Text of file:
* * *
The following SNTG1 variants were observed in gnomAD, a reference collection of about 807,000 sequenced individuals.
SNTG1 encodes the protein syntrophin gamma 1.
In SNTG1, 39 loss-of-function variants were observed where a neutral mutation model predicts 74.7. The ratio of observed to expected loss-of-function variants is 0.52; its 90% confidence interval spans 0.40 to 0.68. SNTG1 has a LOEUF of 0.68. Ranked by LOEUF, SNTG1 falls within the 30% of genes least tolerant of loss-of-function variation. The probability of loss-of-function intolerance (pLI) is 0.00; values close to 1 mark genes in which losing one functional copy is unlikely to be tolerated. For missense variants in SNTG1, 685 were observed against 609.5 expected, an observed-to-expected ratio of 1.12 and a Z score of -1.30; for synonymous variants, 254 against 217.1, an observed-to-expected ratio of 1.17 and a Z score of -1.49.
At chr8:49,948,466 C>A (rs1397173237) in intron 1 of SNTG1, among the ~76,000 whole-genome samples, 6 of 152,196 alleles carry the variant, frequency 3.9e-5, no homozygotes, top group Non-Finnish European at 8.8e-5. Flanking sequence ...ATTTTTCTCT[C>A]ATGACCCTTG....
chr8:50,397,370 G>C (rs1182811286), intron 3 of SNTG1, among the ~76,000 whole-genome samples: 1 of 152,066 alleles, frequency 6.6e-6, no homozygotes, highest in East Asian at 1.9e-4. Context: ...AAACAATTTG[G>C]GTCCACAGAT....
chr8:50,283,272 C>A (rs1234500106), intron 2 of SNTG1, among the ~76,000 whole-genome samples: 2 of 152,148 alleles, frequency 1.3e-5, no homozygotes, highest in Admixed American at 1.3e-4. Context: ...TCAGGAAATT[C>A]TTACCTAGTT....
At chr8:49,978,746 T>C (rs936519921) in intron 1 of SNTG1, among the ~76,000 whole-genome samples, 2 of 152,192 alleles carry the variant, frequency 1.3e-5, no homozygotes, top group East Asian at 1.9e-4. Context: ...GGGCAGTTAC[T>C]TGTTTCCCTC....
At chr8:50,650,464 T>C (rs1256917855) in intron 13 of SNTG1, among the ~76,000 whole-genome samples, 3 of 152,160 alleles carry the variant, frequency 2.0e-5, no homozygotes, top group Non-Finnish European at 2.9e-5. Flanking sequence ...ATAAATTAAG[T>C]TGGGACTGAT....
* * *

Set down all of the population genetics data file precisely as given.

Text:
The following SNTG1 variants were observed in gnomAD, a reference collection of about 807,000 sequenced individuals.
SNTG1 encodes the protein syntrophin gamma 1.
In SNTG1, 39 loss-of-function variants were observed where a neutral mutation model predicts 74.7. The ratio of observed to expected loss-of-function variants is 0.52; its 90% confidence interval spans 0.40 to 0.68. SNTG1 has a LOEUF of 0.68. Ranked by LOEUF, SNTG1 falls within the 30% of genes least tolerant of loss-of-function variation. The probability of loss-of-function intolerance (pLI) is 0.00; values close to 1 mark genes in which losing one functional copy is unlikely to be tolerated. For missense variants in SNTG1, 685 were observed against 609.5 expected, an observed-to-expected ratio of 1.12 and a Z score of -1.30; for synonymous variants, 254 against 217.1, an observed-to-expected ratio of 1.17 and a Z score of -1.49.
At chr8:49,948,466 C>A (rs1397173237) in intron 1 of SNTG1, among the ~76,000 whole-genome samples, 6 of 152,196 alleles carry the variant, frequency 3.9e-5, no homozygotes, top group Non-Finnish European at 8.8e-5. Flanking sequence ...ATTTTTCTCT[C>A]ATGACCCTTG....
chr8:50,397,370 G>C (rs1182811286), intron 3 of SNTG1, among the ~76,000 whole-genome samples: 1 of 152,066 alleles, frequency 6.6e-6, no homozygotes, highest in East Asian at 1.9e-4. Context: ...AAACAATTTG[G>C]GTCCACAGAT....
chr8:50,283,272 C>A (rs1234500106), intron 2 of SNTG1, among the ~76,000 whole-genome samples: 2 of 152,148 alleles, frequency 1.3e-5, no homozygotes, highest in Admixed American at 1.3e-4. Context: ...TCAGGAAATT[C>A]TTACCTAGTT....
At chr8:49,978,746 T>C (rs936519921) in intron 1 of SNTG1, among the ~76,000 whole-genome samples, 2 of 152,192 alleles carry the variant, frequency 1.3e-5, no homozygotes, top group East Asian at 1.9e-4. Context: ...GGGCAGTTAC[T>C]TGTTTCCCTC....
At chr8:50,650,464 T>C (rs1256917855) in intron 13 of SNTG1, among the ~76,000 whole-genome samples, 3 of 152,160 alleles carry the variant, frequency 2.0e-5, no homozygotes, top group Non-Finnish European at 2.9e-5. Flanking sequence ...ATAAATTAAG[T>C]TGGGACTGAT....